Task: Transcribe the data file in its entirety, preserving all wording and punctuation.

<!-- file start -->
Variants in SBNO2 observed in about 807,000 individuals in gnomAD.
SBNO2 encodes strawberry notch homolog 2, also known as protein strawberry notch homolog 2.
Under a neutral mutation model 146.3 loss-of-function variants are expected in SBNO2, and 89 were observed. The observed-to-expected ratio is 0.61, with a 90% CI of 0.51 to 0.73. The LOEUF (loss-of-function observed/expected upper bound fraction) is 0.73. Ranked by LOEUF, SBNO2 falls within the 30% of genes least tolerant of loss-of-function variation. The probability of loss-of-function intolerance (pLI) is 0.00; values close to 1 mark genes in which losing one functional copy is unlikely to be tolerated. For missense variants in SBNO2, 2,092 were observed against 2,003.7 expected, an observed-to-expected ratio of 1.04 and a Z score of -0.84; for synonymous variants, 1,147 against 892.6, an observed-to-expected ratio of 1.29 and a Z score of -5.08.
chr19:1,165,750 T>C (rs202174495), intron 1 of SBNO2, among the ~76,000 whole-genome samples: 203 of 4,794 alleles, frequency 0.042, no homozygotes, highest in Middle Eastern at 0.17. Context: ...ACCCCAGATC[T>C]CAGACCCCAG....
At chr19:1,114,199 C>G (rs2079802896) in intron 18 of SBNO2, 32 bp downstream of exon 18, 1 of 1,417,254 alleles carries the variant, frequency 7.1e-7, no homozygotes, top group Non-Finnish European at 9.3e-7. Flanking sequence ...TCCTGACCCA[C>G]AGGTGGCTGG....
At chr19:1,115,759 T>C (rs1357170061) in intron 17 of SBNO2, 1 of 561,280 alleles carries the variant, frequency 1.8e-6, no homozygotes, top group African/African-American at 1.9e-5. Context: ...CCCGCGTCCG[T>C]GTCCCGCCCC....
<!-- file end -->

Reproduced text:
Variants in SBNO2 observed in about 807,000 individuals in gnomAD.
SBNO2 encodes strawberry notch homolog 2, also known as protein strawberry notch homolog 2.
Under a neutral mutation model 146.3 loss-of-function variants are expected in SBNO2, and 89 were observed. The observed-to-expected ratio is 0.61, with a 90% CI of 0.51 to 0.73. The LOEUF (loss-of-function observed/expected upper bound fraction) is 0.73. Ranked by LOEUF, SBNO2 falls within the 30% of genes least tolerant of loss-of-function variation. The probability of loss-of-function intolerance (pLI) is 0.00; values close to 1 mark genes in which losing one functional copy is unlikely to be tolerated. For missense variants in SBNO2, 2,092 were observed against 2,003.7 expected, an observed-to-expected ratio of 1.04 and a Z score of -0.84; for synonymous variants, 1,147 against 892.6, an observed-to-expected ratio of 1.29 and a Z score of -5.08.
chr19:1,165,750 T>C (rs202174495), intron 1 of SBNO2, among the ~76,000 whole-genome samples: 203 of 4,794 alleles, frequency 0.042, no homozygotes, highest in Middle Eastern at 0.17. Context: ...ACCCCAGATC[T>C]CAGACCCCAG....
At chr19:1,114,199 C>G (rs2079802896) in intron 18 of SBNO2, 32 bp downstream of exon 18, 1 of 1,417,254 alleles carries the variant, frequency 7.1e-7, no homozygotes, top group Non-Finnish European at 9.3e-7. Flanking sequence ...TCCTGACCCA[C>G]AGGTGGCTGG....
At chr19:1,115,759 T>C (rs1357170061) in intron 17 of SBNO2, 1 of 561,280 alleles carries the variant, frequency 1.8e-6, no homozygotes, top group African/African-American at 1.9e-5. Context: ...CCCGCGTCCG[T>C]GTCCCGCCCC....